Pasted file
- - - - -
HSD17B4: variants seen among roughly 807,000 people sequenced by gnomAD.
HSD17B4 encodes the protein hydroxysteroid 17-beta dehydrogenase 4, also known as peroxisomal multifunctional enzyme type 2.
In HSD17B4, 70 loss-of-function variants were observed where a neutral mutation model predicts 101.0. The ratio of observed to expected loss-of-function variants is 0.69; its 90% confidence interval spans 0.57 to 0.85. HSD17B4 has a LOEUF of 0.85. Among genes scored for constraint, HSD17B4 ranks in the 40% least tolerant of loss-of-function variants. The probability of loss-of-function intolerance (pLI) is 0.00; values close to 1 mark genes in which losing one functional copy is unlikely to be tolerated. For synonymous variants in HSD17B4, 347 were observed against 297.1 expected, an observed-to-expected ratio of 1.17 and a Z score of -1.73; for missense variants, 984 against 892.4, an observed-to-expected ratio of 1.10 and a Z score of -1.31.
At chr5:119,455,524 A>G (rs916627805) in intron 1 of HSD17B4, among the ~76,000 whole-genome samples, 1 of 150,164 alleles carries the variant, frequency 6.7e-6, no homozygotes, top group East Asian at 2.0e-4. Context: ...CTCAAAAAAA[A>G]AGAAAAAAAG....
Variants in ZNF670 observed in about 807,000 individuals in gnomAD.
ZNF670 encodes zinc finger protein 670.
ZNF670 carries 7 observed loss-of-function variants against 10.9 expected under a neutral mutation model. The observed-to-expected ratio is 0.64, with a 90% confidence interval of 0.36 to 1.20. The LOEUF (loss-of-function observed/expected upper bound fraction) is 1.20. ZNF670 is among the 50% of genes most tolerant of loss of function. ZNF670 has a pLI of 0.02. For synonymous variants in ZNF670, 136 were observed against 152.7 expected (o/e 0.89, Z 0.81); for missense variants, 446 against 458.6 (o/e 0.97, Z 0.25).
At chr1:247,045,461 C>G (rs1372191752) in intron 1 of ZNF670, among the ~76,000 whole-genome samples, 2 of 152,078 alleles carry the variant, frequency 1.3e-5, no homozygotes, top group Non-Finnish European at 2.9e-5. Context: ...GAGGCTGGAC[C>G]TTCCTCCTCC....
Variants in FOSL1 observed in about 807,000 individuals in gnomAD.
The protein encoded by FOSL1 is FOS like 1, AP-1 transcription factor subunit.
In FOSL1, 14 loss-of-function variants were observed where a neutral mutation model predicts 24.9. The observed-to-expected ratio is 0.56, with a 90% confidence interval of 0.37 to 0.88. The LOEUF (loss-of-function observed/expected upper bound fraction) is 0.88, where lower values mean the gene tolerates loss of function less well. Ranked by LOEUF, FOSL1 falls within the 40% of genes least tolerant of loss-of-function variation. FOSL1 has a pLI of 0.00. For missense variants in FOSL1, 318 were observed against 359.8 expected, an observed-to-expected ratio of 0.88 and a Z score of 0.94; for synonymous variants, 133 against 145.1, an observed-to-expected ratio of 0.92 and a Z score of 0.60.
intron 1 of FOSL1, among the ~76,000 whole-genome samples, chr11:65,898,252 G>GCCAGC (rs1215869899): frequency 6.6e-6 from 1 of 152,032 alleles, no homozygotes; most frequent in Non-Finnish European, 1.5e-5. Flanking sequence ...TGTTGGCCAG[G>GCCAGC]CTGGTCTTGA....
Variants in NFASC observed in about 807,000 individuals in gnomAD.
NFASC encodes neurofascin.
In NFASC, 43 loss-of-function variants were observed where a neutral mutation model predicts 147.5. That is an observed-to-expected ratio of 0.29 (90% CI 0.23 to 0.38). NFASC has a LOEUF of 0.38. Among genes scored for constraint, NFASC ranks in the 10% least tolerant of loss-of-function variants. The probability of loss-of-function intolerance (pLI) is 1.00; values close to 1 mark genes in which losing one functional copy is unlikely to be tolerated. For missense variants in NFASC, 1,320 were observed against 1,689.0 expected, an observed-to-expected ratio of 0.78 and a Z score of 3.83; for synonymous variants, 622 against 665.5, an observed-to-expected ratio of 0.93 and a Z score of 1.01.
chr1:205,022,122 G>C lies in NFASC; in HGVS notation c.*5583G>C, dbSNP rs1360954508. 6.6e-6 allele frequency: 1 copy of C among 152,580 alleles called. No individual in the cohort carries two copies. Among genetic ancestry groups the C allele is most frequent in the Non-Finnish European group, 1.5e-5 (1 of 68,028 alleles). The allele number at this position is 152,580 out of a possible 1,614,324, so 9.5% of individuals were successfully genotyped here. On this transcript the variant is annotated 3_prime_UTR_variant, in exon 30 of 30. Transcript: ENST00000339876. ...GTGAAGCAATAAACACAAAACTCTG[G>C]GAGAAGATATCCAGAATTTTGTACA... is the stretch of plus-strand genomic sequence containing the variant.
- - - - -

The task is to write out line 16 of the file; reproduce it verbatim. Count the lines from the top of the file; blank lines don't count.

chr1:205,022,122 G>C lies in NFASC; in HGVS notation c.*5583G>C, dbSNP rs1360954508. 6.6e-6 allele frequency: 1 copy of C among 152,580 alleles called. No individual in the cohort carries two copies. Among genetic ancestry groups the C allele is most frequent in the Non-Finnish European group, 1.5e-5 (1 of 68,028 alleles). The allele number at this position is 152,580 out of a possible 1,614,324, so 9.5% of individuals were successfully genotyped here. On this transcript the variant is annotated 3_prime_UTR_variant, in exon 30 of 30. Transcript: ENST00000339876. ...GTGAAGCAATAAACACAAAACTCTG[G>C]GAGAAGATATCCAGAATTTTGTACA... is the stretch of plus-strand genomic sequence containing the variant.